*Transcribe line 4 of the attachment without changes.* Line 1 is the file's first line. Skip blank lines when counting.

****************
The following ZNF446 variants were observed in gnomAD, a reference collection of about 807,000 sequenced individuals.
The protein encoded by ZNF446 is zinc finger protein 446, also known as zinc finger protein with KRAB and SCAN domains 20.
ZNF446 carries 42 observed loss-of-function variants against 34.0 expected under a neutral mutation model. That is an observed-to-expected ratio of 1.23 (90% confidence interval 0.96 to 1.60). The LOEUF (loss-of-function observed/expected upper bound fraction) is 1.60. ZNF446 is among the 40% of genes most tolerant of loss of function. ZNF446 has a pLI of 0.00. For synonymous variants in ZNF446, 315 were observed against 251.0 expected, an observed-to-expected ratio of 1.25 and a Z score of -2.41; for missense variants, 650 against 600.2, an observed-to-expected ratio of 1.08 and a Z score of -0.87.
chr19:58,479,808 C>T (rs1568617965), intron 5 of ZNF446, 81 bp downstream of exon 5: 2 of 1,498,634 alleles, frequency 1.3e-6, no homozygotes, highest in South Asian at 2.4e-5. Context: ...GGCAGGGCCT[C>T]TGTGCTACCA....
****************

chr19:58,479,808 C>T (rs1568617965), intron 5 of ZNF446, 81 bp downstream of exon 5: 2 of 1,498,634 alleles, frequency 1.3e-6, no homozygotes, highest in South Asian at 2.4e-5. Context: ...GGCAGGGCCT[C>T]TGTGCTACCA....